One Part of Front Garden November 2014
This seasonal garden note will consist of some plants that I haven’t written for awhile to see what have been happening to them right now.
Growing Phalaenopsis is not very easy here in Melbourne. One thing is that they have to be kept indoor and another thing is that they are fussy and prone to rotting roots. From all the eight plants that I had, now it is only five left. Three of them are flowering (one still in buds), one is sulking and don’t do anything while the other one has purple and limp leaves. Yesterday, I took the limp one out of the pot and most of the roots are rotting. So I got rid of all the bad roots and regrow it in fresh media. I just cannot understand why, I treat all of them the same way, why some are happy and others either dead or having problems. One species of orchid that I will never buy again :(
The ones that are having open blooms are the small pink and yellow with red streaks. The good thing about this orchid is that the flowers last the longest compared to other orchids, even after finish flowering by keeping the flower stem, you can rebloom it again for the second time around.
Yellow Phalaenopsis Orchid
Small Pink Phalaenopsis Orchid
Leaves are kind of purplish and limp – root problems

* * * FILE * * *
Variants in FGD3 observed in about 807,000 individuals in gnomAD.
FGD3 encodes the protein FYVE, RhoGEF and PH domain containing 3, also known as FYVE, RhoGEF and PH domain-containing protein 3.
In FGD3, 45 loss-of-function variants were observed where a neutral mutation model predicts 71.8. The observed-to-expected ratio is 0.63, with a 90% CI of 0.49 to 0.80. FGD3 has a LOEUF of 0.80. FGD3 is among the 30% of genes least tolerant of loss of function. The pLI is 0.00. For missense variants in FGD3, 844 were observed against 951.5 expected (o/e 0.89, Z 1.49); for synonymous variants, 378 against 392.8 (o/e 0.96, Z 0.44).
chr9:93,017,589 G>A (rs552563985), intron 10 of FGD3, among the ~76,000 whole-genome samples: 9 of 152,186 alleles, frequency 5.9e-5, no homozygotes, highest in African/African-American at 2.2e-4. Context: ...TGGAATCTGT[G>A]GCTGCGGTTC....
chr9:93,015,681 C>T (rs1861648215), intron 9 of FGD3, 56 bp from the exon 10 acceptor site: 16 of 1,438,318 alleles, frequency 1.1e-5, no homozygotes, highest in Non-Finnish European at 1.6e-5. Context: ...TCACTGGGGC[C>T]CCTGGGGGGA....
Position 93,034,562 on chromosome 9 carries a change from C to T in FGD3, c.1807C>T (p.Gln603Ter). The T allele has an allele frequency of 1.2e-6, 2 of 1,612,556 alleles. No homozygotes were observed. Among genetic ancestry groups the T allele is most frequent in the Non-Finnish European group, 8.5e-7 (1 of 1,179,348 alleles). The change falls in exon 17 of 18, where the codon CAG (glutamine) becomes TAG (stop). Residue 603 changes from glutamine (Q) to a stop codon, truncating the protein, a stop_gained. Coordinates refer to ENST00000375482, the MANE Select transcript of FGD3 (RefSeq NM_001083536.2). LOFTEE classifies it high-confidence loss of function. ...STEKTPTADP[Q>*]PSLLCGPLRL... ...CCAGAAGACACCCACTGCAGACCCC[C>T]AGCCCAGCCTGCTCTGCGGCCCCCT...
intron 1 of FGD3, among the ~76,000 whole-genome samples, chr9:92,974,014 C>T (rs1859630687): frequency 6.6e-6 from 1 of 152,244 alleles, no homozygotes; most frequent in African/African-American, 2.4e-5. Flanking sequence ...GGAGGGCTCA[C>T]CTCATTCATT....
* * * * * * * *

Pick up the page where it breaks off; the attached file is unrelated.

Acorus – Japanese Sweet Flag Grass:
I have three pots of variegated Acorus gramineus or commonly known as Japanese sweet flag grass to divide and repot. These aquatic plants have grown much too big for our water tubs. Every time doing it, I always take few and arrange them in a small pot to create a little bonsai. It always looks pretty to decorate a small table in the veranda. It is so easy to grow without soil, just by using small pebbles and water.
Pretty Acorus Bonsai
Variegated Acorus needs to be cleaned, reduced and repot.
Acorus gramineus variegatus – Japanese Sweet Flag
We have grown this small Feijoa tree for several years now, but it only had fruits once. Every year it bears many flowers, all but once have failed to develop into fruits. The main reason is the hot and dry weather. Now the rounded tree has grown bigger and it had many flowers in the beginning of spring this year. The flowers have dropped the red petals but most of the stems remain and these stems will grow into fruits. I have applied blood and bone with occasional drink of seaweed fertiliser to keep the tree strong. With enough rain so far, hopefully the fruits will continue to grow. I just hope that summer this year will not be too hot.
Acca selowiana – Feijoa flowers
Feijoa – Budding Fruits
Tillandsia the Air Plant:
Flowering Tillandsias and After
When I bought them in January this year, the three of them are all flowering. They are Tillandsia stricta, T. brachycaulos and T. melanocrater ‘Tricolour’. I found out later that the pink colour of Tillandsia brachycaulos will turn green after flowering. So the pretty pink colour only happens during flowering season. The reason I bought it was actually for the colour. Now about 9 months later, the grey T. stricta has grown few offsets and the T. melanocrater ‘Tricolour’ has grown a small pup, but there is no sign of new growth on the brachycaulos.
Tillandsia melanocrater ‘Tricolour’ Pup
a Clump of Tillandsia stricta